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September 2, 2005.

IAN SEAN WOOD, Plaintiff
DR. ROMEO, et al., Defendants.

The opinion of the court was delivered by: MALCOLM MUIR, Senior District Judge



This is a civil rights action filed pursuant to 42 U.S.C. § 1983. Plaintiff, Ian Sean Wood, is an inmate currently confined in the State Correctional Institution, Coal-Township, Pennsylvania. He complains of incidents which occurred at his former place of confinement, the Rockview State Correctional Institution, Bellefonte, Pennsylvania ("SCI-Rockview"). Named as defendants in the complaint are Dr. Joseph Romeo, Dr. John J. Schietroma, and the SCI-Rockview Medical Administration.*fn1 Plaintiff claims that after being attacked by another inmate on December 3, 2002, defendants were deliberately indifferent to his serious medical needs resulting from an alleged injury to his face and eye, in violation of his Eighth Amendment rights. (Doc. No. 1, complaint). Presently before the court is a motion dismiss the complaint, filed by defendant Schietroma (Doc. No. 11), and a motion to dismiss and for summary judgment,*fn2 filed by defendant Romeo (Doc. No. 22). These motions have been fully briefed and are ripe for disposition. For the reasons that follow, the motions will be granted.

  Standard of Review

  In deciding a motion to dismiss pursuant to Rule 12(b)(6), courts generally consider only the allegations in the complaint, exhibits attached to the complaint, matters of public record, and documents that form the basis of a claim. See In re Burlington Coat Factory Sec. Litig., 114 F.3d 1410, 1426 (3d Cir. 1997). All material allegations of the complaint must be accepted by the Court as true and construed in favor of the plaintiff. Allah vs. Seiverling, 229 F.3d 220, 223 (3d Cir. 2000); Shaev vs. Saper, 320 F.3d 373, 375 (3d Cir. 2003). Claims may be dismissed pursuant to a Rule 12(b)(6) motion only if the plaintiff cannot demonstrate any set of facts that would entitle him to relief. Conley vs. Gibson, 355 U.S. 41, 45-46 (1957); Lum vs. Bank of America, 361 F.3d 217, 223 (3d Cir. 2004). However, the Court is not required to accept legal conclusions, either alleged or inferred, from the pleaded facts. Morse vs. Lower Merion School District, 132 F.3d 902, 906 (3d Cir. 1997). In Nami vs. Fauver, 82 F.3d 63, 65 (3d Cir. 1996), the Court of Appeals for the Third Circuit added that when considering a motion to dismiss based on failure to state a claim, a court should "not inquire whether the plaintiffs will ultimately prevail, only whether they are entitled to offer evidence to support their claims." When an unrepresented party is confronted by a motion to dismiss, the deciding court must be mindful of the well-settled principle that pro se complaints should be liberally construed, Haines vs. Kerner, 404 U.S. 519, 520 (1972), and that pro se litigants are to be granted leave to file a curative amended complaint "even when a plaintiff does not seek leave to amend," unless such an amendment would be inequitable or futile. Alston vs. Parker, 363 F.3d 229, 235 (3d Cir. 2004). However, a complaint that sets forth facts which affirmatively demonstrate that the plaintiff has no right to recover is properly dismissed without leave to amend. Grayson vs. Mayview State Hospital, 293 F.3d 103, 106 (3d Cir. 2002); see also Estelle vs. Gamble, 429 U.S. 97, 107-108 (1976).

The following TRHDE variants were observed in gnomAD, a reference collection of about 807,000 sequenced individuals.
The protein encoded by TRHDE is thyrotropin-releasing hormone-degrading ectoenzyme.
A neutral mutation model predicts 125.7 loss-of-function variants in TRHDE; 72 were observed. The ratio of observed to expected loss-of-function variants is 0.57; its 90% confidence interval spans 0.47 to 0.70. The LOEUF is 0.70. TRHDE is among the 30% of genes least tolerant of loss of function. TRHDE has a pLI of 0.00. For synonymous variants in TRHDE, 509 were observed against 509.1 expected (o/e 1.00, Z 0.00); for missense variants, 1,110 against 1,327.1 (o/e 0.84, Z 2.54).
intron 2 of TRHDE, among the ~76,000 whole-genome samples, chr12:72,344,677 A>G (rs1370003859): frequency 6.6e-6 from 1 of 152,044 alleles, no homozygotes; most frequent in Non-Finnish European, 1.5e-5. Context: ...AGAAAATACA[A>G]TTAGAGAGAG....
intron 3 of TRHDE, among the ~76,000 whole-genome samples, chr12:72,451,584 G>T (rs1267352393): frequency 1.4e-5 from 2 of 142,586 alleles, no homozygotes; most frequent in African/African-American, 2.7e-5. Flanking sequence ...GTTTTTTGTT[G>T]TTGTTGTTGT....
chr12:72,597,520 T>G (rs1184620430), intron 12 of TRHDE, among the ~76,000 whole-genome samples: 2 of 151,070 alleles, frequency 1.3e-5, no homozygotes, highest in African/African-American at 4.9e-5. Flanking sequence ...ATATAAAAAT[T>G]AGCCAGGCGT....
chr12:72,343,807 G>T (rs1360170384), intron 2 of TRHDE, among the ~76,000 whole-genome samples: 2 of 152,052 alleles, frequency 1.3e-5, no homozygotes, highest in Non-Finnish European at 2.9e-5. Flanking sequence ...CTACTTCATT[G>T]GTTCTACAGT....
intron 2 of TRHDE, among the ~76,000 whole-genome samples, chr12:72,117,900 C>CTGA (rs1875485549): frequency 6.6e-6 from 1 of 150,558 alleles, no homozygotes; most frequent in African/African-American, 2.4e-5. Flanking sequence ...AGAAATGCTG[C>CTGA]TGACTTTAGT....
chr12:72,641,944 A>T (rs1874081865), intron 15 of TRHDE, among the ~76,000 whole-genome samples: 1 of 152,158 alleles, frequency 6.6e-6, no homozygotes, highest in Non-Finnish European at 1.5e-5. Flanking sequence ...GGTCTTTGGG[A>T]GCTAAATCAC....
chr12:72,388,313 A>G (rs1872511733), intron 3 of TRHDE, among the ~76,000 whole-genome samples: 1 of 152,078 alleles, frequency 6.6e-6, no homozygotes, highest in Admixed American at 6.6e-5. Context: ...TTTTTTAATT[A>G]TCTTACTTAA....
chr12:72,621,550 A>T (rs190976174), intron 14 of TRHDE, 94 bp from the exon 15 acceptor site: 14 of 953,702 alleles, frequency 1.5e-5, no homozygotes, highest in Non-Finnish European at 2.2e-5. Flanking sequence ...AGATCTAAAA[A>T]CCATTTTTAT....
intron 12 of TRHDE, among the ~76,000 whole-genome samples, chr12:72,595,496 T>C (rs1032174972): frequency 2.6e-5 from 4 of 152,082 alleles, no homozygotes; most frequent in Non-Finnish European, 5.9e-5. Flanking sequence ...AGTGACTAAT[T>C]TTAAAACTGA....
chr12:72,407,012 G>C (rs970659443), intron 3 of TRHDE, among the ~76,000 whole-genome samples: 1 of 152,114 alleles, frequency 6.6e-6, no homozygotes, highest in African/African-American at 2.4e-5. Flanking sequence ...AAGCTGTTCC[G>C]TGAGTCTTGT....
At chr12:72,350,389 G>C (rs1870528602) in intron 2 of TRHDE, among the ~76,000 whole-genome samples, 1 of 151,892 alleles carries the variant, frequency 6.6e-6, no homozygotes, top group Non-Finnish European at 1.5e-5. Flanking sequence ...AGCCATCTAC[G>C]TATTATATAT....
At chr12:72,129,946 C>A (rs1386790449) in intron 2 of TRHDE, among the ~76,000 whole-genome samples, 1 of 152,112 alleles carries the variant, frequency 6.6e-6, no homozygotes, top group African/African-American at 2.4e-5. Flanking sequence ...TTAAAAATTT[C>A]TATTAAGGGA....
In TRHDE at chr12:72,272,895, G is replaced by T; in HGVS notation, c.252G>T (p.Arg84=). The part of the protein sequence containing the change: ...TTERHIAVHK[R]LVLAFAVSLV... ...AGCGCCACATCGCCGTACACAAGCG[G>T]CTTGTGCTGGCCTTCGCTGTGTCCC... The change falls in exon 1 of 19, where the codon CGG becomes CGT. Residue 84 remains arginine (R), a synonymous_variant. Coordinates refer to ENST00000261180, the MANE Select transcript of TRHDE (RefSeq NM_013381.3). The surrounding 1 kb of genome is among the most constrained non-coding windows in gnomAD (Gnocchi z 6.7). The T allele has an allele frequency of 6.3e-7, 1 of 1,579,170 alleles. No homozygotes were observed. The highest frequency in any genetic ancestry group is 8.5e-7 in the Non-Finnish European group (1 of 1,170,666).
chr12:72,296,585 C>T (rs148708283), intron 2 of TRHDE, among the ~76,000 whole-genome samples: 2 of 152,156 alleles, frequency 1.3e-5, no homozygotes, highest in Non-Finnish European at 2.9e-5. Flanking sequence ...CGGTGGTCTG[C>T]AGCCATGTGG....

With respect to a motion for summary judgment, Federal Rule of Civil Procedure 56(c) requires the court to render summary judgment ". . . forthwith if the pleadings, depositions, answers to interrogatories, and admissions on file, together with the affidavits, if any, show that there is no genuine issue as to any material fact and that the moving party is entitled to judgment as a matter of law." Fed.R.Civ.P. 56(c). "[T]his standard provides that the mere existence of some alleged factual dispute between the parties will not defeat an otherwise properly supported motion for summary judgment; the requirement is that there be no genuine issue of material fact." Anderson vs. Liberty Lobby, Inc., 477 U.S. 242, 247-48 (1986) (emphasis in original). A disputed fact is "material" if proof of its existence or nonexistence would affect the outcome of the case under applicable substantive law. Anderson, 477 U.S. at 248; Gray vs. York Newspapers, Inc., 957 F.2d 1070, 1078 (3d Cir. 1992). An issue of material fact is "genuine" if the evidence is such that a reasonable jury could return a verdict for the nonmoving party. Anderson, 477 U.S. at 257; Brenner vs. Local 514, United Brotherhood of Carpenters and Joiners of America, 927 F.2d 1283, 1287-88 (3d Cir. 1991).